Delhi Journal of Ophthalmology

Phakomatosis Pigmentovascularis Coexisting with a Variant of Sturge Weber Syndrome - A Rare Occurrence

Priyanka Singh, Nayana A. Potdar, Ankita Patil, Pritam K. Mohite, Chhaya A. Shinde, Pooja Bandivadekar
Department of Ophthalmology, LTMMC & GH Mumbai, Maharashtra, India

Corresponding Author:

Priyanka Singh 
Department of Ophthalmology
OPD Building, Lokmanya Tilak Municipal Medical College & General Hospital (LTMMC&GH), Sion, Mumbai-400022
Maharashtra, India
Email id:

Published Online: 31-JAN-2019


The spectrum of phacomatoses is wide and they share common pathophysiological changes. The various entities widely studied and being reported are Sturge Weber Syndrome (SWS), Klippel Trenaunay Syndrome and Phakomatosis Pigmentovascularis (PPV). Here we report a rare case of coexisting  Phakomatosis cesioflaemmea type of PPV along with a type 1 variant of Sturge Weber Syndrome. Co- existence of PPV with SWS is known but  rare. Management of ocular manifestation especially glaucoma, is challenging in such neurocutaneous conditions but this particular case responded well to medical therapy for glaucoma. This case  will help us broaden our outlook when dealing with various phakomatosis, keeping in mind overlapping signs of different syndromes and tendency of few syndromes to increase preponderance to malignant transformation which will require close follow up for the same.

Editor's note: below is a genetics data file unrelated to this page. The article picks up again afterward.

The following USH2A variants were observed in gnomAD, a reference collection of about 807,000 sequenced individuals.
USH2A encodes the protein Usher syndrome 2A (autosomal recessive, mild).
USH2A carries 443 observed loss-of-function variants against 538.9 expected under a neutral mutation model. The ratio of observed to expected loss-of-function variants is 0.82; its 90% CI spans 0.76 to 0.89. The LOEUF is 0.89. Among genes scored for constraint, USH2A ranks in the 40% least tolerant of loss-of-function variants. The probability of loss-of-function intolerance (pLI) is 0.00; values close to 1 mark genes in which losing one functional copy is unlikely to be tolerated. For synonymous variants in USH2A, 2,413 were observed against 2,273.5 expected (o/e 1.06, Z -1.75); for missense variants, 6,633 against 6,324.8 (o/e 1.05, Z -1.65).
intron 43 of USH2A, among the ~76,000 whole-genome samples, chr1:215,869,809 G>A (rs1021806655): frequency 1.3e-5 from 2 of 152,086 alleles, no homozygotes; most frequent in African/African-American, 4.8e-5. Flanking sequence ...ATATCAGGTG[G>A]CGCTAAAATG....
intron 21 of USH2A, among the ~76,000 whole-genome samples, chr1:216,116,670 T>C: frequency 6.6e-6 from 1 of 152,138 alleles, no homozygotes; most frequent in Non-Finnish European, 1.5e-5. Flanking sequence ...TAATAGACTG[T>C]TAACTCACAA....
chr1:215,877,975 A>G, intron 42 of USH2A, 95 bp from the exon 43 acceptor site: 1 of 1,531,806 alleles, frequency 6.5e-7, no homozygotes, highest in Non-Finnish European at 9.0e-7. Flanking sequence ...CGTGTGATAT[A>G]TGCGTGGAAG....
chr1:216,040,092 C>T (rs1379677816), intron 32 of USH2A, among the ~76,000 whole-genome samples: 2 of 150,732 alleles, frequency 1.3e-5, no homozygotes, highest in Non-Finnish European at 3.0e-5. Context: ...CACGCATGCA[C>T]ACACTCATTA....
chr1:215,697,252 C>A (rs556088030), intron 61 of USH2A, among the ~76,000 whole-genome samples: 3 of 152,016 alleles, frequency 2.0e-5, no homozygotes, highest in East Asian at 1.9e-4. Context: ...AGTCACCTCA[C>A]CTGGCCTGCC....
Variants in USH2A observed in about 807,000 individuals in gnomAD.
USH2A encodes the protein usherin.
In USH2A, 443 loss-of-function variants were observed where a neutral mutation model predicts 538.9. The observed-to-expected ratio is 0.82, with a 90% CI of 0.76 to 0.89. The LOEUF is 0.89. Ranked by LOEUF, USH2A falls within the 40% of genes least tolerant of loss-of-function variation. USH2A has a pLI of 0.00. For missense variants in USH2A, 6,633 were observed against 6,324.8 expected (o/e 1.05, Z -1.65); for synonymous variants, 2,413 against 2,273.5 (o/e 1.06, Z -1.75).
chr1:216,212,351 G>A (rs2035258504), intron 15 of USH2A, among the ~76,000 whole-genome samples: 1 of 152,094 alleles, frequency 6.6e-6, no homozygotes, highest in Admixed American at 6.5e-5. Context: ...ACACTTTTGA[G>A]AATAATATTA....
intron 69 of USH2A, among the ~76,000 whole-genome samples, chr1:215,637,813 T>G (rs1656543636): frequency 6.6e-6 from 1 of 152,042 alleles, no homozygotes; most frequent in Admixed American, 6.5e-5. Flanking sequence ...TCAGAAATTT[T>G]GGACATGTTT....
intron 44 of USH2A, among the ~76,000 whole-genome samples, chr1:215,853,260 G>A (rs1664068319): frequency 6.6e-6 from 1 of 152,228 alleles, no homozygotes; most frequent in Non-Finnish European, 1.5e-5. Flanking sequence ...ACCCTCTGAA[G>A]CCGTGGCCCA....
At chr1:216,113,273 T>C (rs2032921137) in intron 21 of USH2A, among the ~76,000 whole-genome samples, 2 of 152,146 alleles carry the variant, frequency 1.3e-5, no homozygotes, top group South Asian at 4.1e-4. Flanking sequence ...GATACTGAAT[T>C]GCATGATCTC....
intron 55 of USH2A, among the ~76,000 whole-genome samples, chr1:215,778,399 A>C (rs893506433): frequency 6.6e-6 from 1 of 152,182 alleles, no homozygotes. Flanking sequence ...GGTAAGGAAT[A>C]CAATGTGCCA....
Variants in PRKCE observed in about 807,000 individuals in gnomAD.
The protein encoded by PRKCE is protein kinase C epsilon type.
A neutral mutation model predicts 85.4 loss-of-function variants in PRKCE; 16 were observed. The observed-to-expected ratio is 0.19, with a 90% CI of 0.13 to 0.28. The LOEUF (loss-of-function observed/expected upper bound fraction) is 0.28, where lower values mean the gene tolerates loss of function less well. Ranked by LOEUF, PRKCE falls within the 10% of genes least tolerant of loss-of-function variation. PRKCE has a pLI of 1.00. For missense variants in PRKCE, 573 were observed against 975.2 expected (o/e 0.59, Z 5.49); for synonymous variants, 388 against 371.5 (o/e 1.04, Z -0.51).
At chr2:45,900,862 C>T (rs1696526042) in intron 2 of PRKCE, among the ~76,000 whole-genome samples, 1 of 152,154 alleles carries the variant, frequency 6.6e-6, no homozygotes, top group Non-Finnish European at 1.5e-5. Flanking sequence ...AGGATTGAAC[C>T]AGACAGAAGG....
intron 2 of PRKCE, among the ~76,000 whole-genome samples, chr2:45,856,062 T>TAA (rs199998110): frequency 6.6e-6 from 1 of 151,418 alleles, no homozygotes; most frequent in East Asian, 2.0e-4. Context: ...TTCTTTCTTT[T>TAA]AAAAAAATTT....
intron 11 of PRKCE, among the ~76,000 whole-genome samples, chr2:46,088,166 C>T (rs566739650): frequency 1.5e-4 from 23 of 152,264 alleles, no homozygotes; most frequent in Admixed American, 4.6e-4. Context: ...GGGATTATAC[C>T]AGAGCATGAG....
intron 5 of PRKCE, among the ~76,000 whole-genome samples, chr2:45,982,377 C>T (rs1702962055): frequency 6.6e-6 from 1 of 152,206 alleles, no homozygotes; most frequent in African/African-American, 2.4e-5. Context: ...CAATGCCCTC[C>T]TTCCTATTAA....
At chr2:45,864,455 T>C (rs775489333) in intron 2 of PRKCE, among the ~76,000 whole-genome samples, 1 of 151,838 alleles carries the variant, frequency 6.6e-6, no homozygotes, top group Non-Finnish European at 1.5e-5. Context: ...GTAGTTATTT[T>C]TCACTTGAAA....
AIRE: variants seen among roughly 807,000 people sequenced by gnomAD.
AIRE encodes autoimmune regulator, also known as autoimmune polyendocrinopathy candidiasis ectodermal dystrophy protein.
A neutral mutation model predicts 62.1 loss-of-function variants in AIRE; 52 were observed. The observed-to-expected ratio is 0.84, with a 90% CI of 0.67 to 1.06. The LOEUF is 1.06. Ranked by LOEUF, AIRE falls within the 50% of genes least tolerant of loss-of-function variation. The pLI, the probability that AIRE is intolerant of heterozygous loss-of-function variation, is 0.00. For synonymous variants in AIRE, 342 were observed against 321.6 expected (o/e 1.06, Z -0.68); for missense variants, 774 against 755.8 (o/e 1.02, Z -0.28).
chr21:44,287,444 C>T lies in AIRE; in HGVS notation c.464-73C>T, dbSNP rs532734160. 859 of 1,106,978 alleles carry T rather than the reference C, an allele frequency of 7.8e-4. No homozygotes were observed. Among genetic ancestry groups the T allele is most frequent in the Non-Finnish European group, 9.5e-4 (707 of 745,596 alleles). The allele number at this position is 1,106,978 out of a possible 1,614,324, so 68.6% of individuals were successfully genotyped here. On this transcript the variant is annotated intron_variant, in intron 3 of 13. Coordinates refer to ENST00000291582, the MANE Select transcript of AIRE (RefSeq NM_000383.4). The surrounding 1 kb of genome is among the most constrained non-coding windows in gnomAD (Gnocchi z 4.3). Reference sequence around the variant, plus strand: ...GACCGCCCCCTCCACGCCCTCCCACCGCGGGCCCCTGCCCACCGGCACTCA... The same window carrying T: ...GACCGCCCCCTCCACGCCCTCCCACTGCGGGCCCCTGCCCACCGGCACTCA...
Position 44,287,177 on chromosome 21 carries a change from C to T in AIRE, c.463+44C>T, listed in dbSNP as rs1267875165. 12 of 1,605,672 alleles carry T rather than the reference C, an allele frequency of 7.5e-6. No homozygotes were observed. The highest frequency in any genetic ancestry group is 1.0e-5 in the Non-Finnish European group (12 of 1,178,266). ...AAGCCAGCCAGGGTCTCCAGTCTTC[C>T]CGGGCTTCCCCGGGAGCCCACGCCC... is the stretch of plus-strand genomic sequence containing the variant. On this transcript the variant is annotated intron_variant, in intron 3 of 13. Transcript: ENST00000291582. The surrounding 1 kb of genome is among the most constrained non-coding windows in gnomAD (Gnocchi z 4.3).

Keywords :Phakomatosis Pigmentovascularis, Sturge Weber Syndrome, Choroidal hemangioma, Nevus flemmus

The phakomatoses are a group of disorders characterized with variable expressivity, which manifest as multisystem involvement like neural, ocular and cutaneous in variable proportions with possible risks of malignant transformation in few. The first case of Sturge Weber Syndrome (SWS) was reported in 1860 by Schirmer whereas the first case of Phakomatosis Pigmentovascularis (PPV), a neurocutaneous entity was described by Ota et al in 1947.1 These entities often have a common pathophysiogenetic mechanism accounting for a confusing overlap in their clinical features. The overlap makes it difficult to isolate separate entities in the spectrum of phakomatoses. The choroid can be thickened in all the phakomatoses but PPV in particular needs follow up and careful examination due to higher risks of malignant transformation into melanoma seen in these cases.

Case Report